Similarly, I will forget about things that I have done that were really important to me at the time, even things I did for years. Oh, right, I sang in a community choir for three years. Oh, yeah, I spent a year attending a study group learning Scottish Gaelic. Sometimes these things will just pop into my head, as when I recently remembered the months I spent playing volleyball on two different teams in an adult recreational league in my mid-twenties. And when I hear someone else recount an experience that triggers a similar memory, I can bring it back up, as when I worked with another Air Force veteran for a while and we regularly swapped training stories. (But I will tell you, if you ask me an open-ended question about anything, including my past, my mind will reliably go blank and not serve up any answers at all, even if they’re in there.)

So the fact that they do sometimes pop into my head indicates that the memories are there, they were formed, they’re just not at the front of my mind. And that’s why I think the issue isn’t so much that I have a deficit when it comes to autobiographical memory—I just don’t feel the need to dwell on my own past. Compared to all of the other things I could be thinking about, my past history isn’t all that interesting to me; I’ve been there, done that, you know?

(As an aside, this does lead to funny conversations at times, when I bring up something I used to do because it came back to mind during a relevant conversation, and the person I’m talking to is stunned that they never knew I did that. It just…hadn’t come up before. I mean, I’ll acknowledge that I’ve done a lot of interesting things, I’m just not interested in listing them off for people.)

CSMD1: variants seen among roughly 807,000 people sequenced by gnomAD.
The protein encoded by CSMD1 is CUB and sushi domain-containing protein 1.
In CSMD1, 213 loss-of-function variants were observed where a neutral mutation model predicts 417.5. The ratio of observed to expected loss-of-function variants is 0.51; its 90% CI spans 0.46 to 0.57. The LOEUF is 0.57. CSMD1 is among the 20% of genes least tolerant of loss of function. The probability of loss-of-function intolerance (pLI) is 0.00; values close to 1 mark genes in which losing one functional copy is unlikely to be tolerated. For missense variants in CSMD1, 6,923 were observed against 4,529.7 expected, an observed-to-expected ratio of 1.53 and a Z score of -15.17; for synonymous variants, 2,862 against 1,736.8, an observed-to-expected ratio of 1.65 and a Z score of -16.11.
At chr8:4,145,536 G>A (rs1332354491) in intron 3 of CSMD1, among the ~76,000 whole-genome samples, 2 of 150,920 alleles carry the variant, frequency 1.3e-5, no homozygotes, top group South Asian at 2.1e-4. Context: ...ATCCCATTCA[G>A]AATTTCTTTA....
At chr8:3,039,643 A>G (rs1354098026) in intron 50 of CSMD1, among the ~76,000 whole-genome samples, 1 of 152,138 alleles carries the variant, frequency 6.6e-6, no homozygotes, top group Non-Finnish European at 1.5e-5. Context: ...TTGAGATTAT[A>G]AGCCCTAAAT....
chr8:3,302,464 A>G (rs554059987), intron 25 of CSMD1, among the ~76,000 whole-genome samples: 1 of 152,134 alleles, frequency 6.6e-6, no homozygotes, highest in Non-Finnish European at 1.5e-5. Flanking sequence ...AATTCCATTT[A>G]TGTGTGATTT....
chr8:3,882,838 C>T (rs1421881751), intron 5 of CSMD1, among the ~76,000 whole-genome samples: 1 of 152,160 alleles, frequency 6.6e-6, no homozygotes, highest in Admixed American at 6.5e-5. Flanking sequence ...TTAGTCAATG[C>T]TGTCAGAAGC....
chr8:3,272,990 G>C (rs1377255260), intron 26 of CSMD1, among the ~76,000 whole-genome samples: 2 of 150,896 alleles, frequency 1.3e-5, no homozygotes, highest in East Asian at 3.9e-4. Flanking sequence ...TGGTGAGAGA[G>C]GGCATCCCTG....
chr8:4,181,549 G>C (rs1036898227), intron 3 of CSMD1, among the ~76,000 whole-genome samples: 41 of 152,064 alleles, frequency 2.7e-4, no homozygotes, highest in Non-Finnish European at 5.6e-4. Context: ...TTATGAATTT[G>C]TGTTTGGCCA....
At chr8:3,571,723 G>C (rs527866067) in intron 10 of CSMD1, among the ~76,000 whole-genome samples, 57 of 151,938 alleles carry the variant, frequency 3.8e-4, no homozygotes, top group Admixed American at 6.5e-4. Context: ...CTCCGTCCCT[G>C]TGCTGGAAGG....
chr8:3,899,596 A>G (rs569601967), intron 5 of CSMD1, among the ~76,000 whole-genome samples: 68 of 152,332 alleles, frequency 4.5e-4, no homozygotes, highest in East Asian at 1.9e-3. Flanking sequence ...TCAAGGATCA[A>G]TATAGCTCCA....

I guess there is an assumption that just because I was there, it should be important to me. But memories of people and social events are not privileged in my mind; they get pruned like anything else. People forget all sorts of things when they don’t need to remember them—a fact I have been painfully reminded of as I work through a math review for the GRE—and autobiographical memories are no different.

Think of it this way: given how intense autistic interests can be, and how often we can end up coming to know (and remember) all sorts of fascinating facts and info about our passions, isn’t it possible that we just don’t want to devote a whole lot of mental energy to storing and recalling information about people and events that aren’t in our lives anymore? That’s how it feels to me. I’ve got better things to think about than who my fourth-grade homeroom teacher was.

(P.S.: I think there is a lot more to be said about memory in autistic people, and there is definitely a lot of variation in how much or how well people remember. It even varies wildly for me, because I will sometimes get a very vivid flashback of something I thought I’d forgotten. So all of the above should be taken as one person’s random musings on the subject, which may or may not be generalizable.)

Irons in the Fire

I have a lot of irons in the fire right now. I’m technically on summer vacation from school, but work has been busy, and I am trying to use the summer to get ready to take the GRE and finish up the research project that will be part of my application to grad school. Plus, I am trying to expand the offerings in my Etsy shop (just added new things last week!) and my husband and I are exploring a new business venture that he’s been thinking about for a while. I also want to get back into a regular schedule of posting on this blog, possibly even increasing the frequency of posts. It’s kind of a lot to manage.